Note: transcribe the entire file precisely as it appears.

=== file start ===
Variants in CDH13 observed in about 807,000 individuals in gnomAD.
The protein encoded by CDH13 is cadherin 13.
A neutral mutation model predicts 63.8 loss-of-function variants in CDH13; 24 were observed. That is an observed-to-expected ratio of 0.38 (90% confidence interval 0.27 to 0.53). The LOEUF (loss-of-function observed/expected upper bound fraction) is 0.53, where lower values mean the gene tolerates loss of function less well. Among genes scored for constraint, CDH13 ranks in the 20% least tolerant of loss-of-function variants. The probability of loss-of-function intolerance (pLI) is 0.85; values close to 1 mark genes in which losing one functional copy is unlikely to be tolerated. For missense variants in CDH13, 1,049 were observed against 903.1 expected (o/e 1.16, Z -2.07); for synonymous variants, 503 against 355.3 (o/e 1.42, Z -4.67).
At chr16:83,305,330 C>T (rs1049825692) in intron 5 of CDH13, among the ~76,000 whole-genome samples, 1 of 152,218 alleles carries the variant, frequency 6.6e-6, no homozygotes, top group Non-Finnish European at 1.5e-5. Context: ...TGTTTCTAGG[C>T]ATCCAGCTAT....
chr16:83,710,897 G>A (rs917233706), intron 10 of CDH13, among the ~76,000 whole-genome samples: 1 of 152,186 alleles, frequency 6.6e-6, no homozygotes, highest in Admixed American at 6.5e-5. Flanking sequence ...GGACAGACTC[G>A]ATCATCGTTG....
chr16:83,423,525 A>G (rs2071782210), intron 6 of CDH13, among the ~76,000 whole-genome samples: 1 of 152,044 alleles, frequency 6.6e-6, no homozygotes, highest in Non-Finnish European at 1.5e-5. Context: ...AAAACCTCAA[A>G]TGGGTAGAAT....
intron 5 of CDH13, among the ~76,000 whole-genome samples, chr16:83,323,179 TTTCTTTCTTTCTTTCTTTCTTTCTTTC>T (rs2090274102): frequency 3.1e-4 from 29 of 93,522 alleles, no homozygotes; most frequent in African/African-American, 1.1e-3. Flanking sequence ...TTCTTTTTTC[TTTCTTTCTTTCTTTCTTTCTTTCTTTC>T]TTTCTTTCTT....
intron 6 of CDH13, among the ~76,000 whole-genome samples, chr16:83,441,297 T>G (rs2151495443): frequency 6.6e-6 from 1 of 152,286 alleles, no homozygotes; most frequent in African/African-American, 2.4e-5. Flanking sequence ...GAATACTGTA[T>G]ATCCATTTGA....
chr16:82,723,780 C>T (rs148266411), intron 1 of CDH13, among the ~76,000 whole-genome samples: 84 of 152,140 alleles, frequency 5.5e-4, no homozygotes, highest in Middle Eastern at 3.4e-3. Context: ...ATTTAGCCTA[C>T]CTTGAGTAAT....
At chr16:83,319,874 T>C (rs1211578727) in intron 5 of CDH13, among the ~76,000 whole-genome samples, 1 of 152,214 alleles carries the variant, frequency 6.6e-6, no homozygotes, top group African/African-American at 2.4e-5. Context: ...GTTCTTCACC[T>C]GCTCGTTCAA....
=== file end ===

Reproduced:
Variants in CDH13 observed in about 807,000 individuals in gnomAD.
The protein encoded by CDH13 is cadherin 13.
A neutral mutation model predicts 63.8 loss-of-function variants in CDH13; 24 were observed. That is an observed-to-expected ratio of 0.38 (90% confidence interval 0.27 to 0.53). The LOEUF (loss-of-function observed/expected upper bound fraction) is 0.53, where lower values mean the gene tolerates loss of function less well. Among genes scored for constraint, CDH13 ranks in the 20% least tolerant of loss-of-function variants. The probability of loss-of-function intolerance (pLI) is 0.85; values close to 1 mark genes in which losing one functional copy is unlikely to be tolerated. For missense variants in CDH13, 1,049 were observed against 903.1 expected (o/e 1.16, Z -2.07); for synonymous variants, 503 against 355.3 (o/e 1.42, Z -4.67).
At chr16:83,305,330 C>T (rs1049825692) in intron 5 of CDH13, among the ~76,000 whole-genome samples, 1 of 152,218 alleles carries the variant, frequency 6.6e-6, no homozygotes, top group Non-Finnish European at 1.5e-5. Context: ...TGTTTCTAGG[C>T]ATCCAGCTAT....
chr16:83,710,897 G>A (rs917233706), intron 10 of CDH13, among the ~76,000 whole-genome samples: 1 of 152,186 alleles, frequency 6.6e-6, no homozygotes, highest in Admixed American at 6.5e-5. Flanking sequence ...GGACAGACTC[G>A]ATCATCGTTG....
chr16:83,423,525 A>G (rs2071782210), intron 6 of CDH13, among the ~76,000 whole-genome samples: 1 of 152,044 alleles, frequency 6.6e-6, no homozygotes, highest in Non-Finnish European at 1.5e-5. Context: ...AAAACCTCAA[A>G]TGGGTAGAAT....
intron 5 of CDH13, among the ~76,000 whole-genome samples, chr16:83,323,179 TTTCTTTCTTTCTTTCTTTCTTTCTTTC>T (rs2090274102): frequency 3.1e-4 from 29 of 93,522 alleles, no homozygotes; most frequent in African/African-American, 1.1e-3. Flanking sequence ...TTCTTTTTTC[TTTCTTTCTTTCTTTCTTTCTTTCTTTC>T]TTTCTTTCTT....
intron 6 of CDH13, among the ~76,000 whole-genome samples, chr16:83,441,297 T>G (rs2151495443): frequency 6.6e-6 from 1 of 152,286 alleles, no homozygotes; most frequent in African/African-American, 2.4e-5. Flanking sequence ...GAATACTGTA[T>G]ATCCATTTGA....
chr16:82,723,780 C>T (rs148266411), intron 1 of CDH13, among the ~76,000 whole-genome samples: 84 of 152,140 alleles, frequency 5.5e-4, no homozygotes, highest in Middle Eastern at 3.4e-3. Context: ...ATTTAGCCTA[C>T]CTTGAGTAAT....
At chr16:83,319,874 T>C (rs1211578727) in intron 5 of CDH13, among the ~76,000 whole-genome samples, 1 of 152,214 alleles carries the variant, frequency 6.6e-6, no homozygotes, top group African/African-American at 2.4e-5. Context: ...GTTCTTCACC[T>C]GCTCGTTCAA....